And if you need enemies to be killed but don’t want to fire your own guns, the plethora of portable turrets are at your disposal with just a little hacking. Also, bodies just disintegrate, no need to think about where you should dump them.

You can play stealth if you want but it’s a less methodical experience compared to Dishonored. Again, a lot of the mechanics have been streamlined so you’re not wasting time, so it’s less compelling than say, shoot and kill people like there’s no tomorrow. Tomorrow’s just gonna be today again until you break the loop.

There’s a 0451 joke at the start of the game. The game goads you thinking you know the code, but it actually isn’t 0451. I take that as Arkane messaging the fans that Deathloop is a different kind of an immersive sim, one that doesn’t want to be defined as just a stealth-action game.

Solving The Murder Puzzle

At the heart of Deathloop’s endless murder-party is a mystery to uncover. The primary one is how the heck do you break the loop. But there are other mysteries that, should you be curious, can also start investigating.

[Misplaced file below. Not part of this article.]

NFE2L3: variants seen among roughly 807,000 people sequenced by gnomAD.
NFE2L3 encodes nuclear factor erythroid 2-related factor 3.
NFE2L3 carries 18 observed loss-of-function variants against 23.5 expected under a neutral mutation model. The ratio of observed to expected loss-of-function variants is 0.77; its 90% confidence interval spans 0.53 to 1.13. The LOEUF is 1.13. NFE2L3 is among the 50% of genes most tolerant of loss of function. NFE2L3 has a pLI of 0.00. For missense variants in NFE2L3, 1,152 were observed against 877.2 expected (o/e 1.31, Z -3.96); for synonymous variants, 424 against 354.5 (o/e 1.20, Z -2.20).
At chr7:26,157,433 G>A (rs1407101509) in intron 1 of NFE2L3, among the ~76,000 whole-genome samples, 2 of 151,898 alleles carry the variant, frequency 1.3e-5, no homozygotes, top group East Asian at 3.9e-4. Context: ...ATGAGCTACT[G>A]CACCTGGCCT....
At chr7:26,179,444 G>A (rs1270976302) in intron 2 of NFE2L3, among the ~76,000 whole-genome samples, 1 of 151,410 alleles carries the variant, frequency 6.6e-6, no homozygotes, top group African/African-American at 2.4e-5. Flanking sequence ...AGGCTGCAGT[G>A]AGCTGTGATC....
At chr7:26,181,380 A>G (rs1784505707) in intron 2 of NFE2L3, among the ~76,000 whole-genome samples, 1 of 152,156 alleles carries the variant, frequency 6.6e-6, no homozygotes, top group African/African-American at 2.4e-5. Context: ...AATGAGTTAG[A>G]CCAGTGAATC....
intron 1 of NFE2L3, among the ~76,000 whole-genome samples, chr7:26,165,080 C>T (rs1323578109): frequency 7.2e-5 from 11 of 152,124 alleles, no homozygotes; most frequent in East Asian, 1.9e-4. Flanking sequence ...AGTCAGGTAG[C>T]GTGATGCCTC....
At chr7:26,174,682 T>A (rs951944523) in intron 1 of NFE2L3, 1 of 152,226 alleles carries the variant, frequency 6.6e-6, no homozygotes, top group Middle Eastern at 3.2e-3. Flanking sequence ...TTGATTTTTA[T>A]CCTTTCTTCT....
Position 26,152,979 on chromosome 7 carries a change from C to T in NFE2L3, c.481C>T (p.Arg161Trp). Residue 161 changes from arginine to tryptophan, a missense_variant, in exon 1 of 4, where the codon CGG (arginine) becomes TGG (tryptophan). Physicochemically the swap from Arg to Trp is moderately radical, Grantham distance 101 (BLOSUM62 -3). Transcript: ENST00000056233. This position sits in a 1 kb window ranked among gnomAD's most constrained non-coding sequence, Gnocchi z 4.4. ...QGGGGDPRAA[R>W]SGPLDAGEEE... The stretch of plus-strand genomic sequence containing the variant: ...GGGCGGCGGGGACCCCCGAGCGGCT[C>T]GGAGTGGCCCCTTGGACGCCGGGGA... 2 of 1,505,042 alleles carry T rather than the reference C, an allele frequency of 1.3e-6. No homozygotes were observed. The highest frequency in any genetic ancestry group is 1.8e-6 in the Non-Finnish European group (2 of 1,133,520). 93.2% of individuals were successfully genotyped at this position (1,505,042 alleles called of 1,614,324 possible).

The world of Blackreef is well fleshed out but you won’t get a good exposition that reveals it all. It’s all part of the mystery, and you’ll be hearing conversations, reading notes, and looking for secret locations in order to piece together all the information. Even when you complete the game, Deathloop won’t spell out everything about the story, so it’s all on your curiosity to find everything about the world.

There are fantastic side puzzles that will take some good brain-scratching to figure out, but most of the pieces to the puzzle are all available on site. And like past Arkane games, some of the solutions to the puzzle can’t be immediately looked up with a guide. Stuff like safe codes are randomised and unique to each playthrough, but the work you need to do in order to get the codes will remain the same.